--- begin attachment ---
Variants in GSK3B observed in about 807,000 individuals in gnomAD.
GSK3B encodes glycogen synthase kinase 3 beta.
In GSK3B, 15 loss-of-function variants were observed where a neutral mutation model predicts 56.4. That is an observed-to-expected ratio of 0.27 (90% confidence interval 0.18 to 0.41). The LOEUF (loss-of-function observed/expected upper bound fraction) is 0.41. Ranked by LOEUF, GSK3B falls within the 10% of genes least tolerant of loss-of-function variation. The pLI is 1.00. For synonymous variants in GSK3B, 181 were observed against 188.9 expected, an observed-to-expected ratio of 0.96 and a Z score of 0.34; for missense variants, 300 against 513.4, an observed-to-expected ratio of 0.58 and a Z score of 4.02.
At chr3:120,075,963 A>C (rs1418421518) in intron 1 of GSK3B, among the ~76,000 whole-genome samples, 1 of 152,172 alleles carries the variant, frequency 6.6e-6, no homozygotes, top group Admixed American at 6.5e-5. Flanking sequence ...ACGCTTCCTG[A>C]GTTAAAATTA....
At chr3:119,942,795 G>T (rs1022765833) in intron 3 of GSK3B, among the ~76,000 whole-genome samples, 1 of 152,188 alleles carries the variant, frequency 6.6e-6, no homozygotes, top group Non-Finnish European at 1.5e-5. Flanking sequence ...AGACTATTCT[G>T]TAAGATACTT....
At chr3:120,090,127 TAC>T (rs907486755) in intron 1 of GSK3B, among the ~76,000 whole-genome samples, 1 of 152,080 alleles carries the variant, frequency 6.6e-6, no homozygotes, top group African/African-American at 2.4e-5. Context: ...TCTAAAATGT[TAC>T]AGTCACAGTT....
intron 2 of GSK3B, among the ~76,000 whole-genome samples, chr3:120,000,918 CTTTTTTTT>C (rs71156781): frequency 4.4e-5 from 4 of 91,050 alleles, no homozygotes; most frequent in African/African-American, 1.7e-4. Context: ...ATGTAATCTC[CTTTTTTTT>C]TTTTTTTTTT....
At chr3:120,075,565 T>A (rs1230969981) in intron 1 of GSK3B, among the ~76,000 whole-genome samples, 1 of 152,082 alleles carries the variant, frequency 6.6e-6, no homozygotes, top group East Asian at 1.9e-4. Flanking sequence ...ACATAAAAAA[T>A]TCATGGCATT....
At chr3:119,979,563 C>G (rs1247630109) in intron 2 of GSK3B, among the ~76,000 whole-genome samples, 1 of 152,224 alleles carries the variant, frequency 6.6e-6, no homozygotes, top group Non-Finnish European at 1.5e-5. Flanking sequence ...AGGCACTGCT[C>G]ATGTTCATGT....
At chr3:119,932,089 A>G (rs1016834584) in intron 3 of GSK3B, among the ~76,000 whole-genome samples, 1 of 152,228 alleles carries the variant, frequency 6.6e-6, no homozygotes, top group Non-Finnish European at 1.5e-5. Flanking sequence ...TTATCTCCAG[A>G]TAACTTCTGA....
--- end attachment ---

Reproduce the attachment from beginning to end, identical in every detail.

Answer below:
Variants in GSK3B observed in about 807,000 individuals in gnomAD.
GSK3B encodes glycogen synthase kinase 3 beta.
In GSK3B, 15 loss-of-function variants were observed where a neutral mutation model predicts 56.4. That is an observed-to-expected ratio of 0.27 (90% confidence interval 0.18 to 0.41). The LOEUF (loss-of-function observed/expected upper bound fraction) is 0.41. Ranked by LOEUF, GSK3B falls within the 10% of genes least tolerant of loss-of-function variation. The pLI is 1.00. For synonymous variants in GSK3B, 181 were observed against 188.9 expected, an observed-to-expected ratio of 0.96 and a Z score of 0.34; for missense variants, 300 against 513.4, an observed-to-expected ratio of 0.58 and a Z score of 4.02.
At chr3:120,075,963 A>C (rs1418421518) in intron 1 of GSK3B, among the ~76,000 whole-genome samples, 1 of 152,172 alleles carries the variant, frequency 6.6e-6, no homozygotes, top group Admixed American at 6.5e-5. Flanking sequence ...ACGCTTCCTG[A>C]GTTAAAATTA....
At chr3:119,942,795 G>T (rs1022765833) in intron 3 of GSK3B, among the ~76,000 whole-genome samples, 1 of 152,188 alleles carries the variant, frequency 6.6e-6, no homozygotes, top group Non-Finnish European at 1.5e-5. Flanking sequence ...AGACTATTCT[G>T]TAAGATACTT....
At chr3:120,090,127 TAC>T (rs907486755) in intron 1 of GSK3B, among the ~76,000 whole-genome samples, 1 of 152,080 alleles carries the variant, frequency 6.6e-6, no homozygotes, top group African/African-American at 2.4e-5. Context: ...TCTAAAATGT[TAC>T]AGTCACAGTT....
intron 2 of GSK3B, among the ~76,000 whole-genome samples, chr3:120,000,918 CTTTTTTTT>C (rs71156781): frequency 4.4e-5 from 4 of 91,050 alleles, no homozygotes; most frequent in African/African-American, 1.7e-4. Context: ...ATGTAATCTC[CTTTTTTTT>C]TTTTTTTTTT....
At chr3:120,075,565 T>A (rs1230969981) in intron 1 of GSK3B, among the ~76,000 whole-genome samples, 1 of 152,082 alleles carries the variant, frequency 6.6e-6, no homozygotes, top group East Asian at 1.9e-4. Flanking sequence ...ACATAAAAAA[T>A]TCATGGCATT....
At chr3:119,979,563 C>G (rs1247630109) in intron 2 of GSK3B, among the ~76,000 whole-genome samples, 1 of 152,224 alleles carries the variant, frequency 6.6e-6, no homozygotes, top group Non-Finnish European at 1.5e-5. Flanking sequence ...AGGCACTGCT[C>G]ATGTTCATGT....
At chr3:119,932,089 A>G (rs1016834584) in intron 3 of GSK3B, among the ~76,000 whole-genome samples, 1 of 152,228 alleles carries the variant, frequency 6.6e-6, no homozygotes, top group Non-Finnish European at 1.5e-5. Flanking sequence ...TTATCTCCAG[A>G]TAACTTCTGA....